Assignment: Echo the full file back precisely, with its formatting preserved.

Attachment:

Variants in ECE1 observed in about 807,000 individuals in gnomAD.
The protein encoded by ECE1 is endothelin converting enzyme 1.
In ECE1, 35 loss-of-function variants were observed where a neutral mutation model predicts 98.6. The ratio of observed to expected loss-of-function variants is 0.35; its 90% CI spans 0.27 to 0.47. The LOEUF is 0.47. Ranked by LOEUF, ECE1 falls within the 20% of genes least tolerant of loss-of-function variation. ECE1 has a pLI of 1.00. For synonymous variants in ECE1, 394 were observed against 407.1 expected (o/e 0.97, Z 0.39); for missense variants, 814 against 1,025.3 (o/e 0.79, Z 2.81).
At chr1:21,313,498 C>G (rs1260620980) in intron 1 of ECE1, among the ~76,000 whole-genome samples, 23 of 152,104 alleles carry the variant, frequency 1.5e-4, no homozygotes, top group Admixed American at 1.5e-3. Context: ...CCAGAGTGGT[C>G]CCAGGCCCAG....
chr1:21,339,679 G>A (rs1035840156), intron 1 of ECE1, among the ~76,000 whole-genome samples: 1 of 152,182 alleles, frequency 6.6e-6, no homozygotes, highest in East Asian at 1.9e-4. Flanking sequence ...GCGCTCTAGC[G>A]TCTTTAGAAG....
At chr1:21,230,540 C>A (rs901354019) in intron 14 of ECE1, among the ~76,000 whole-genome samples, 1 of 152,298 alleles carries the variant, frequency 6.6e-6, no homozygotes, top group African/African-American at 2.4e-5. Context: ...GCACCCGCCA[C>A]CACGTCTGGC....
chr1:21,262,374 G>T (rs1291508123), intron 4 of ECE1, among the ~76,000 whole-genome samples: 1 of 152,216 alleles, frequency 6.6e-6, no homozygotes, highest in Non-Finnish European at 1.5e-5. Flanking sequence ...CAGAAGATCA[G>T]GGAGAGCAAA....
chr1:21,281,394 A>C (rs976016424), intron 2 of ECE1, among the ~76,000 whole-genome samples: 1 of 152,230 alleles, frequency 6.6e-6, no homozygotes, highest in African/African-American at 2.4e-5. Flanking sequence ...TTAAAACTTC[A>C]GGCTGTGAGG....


Variants in ECE1 observed in about 807,000 individuals in gnomAD.
The protein encoded by ECE1 is endothelin converting enzyme 1.
In ECE1, 35 loss-of-function variants were observed where a neutral mutation model predicts 98.6. The ratio of observed to expected loss-of-function variants is 0.35; its 90% CI spans 0.27 to 0.47. The LOEUF is 0.47. Ranked by LOEUF, ECE1 falls within the 20% of genes least tolerant of loss-of-function variation. ECE1 has a pLI of 1.00. For synonymous variants in ECE1, 394 were observed against 407.1 expected (o/e 0.97, Z 0.39); for missense variants, 814 against 1,025.3 (o/e 0.79, Z 2.81).
At chr1:21,313,498 C>G (rs1260620980) in intron 1 of ECE1, among the ~76,000 whole-genome samples, 23 of 152,104 alleles carry the variant, frequency 1.5e-4, no homozygotes, top group Admixed American at 1.5e-3. Context: ...CCAGAGTGGT[C>G]CCAGGCCCAG....
chr1:21,339,679 G>A (rs1035840156), intron 1 of ECE1, among the ~76,000 whole-genome samples: 1 of 152,182 alleles, frequency 6.6e-6, no homozygotes, highest in East Asian at 1.9e-4. Flanking sequence ...GCGCTCTAGC[G>A]TCTTTAGAAG....
At chr1:21,230,540 C>A (rs901354019) in intron 14 of ECE1, among the ~76,000 whole-genome samples, 1 of 152,298 alleles carries the variant, frequency 6.6e-6, no homozygotes, top group African/African-American at 2.4e-5. Context: ...GCACCCGCCA[C>A]CACGTCTGGC....
chr1:21,262,374 G>T (rs1291508123), intron 4 of ECE1, among the ~76,000 whole-genome samples: 1 of 152,216 alleles, frequency 6.6e-6, no homozygotes, highest in Non-Finnish European at 1.5e-5. Flanking sequence ...CAGAAGATCA[G>T]GGAGAGCAAA....
chr1:21,281,394 A>C (rs976016424), intron 2 of ECE1, among the ~76,000 whole-genome samples: 1 of 152,230 alleles, frequency 6.6e-6, no homozygotes, highest in African/African-American at 2.4e-5. Flanking sequence ...TTAAAACTTC[A>C]GGCTGTGAGG....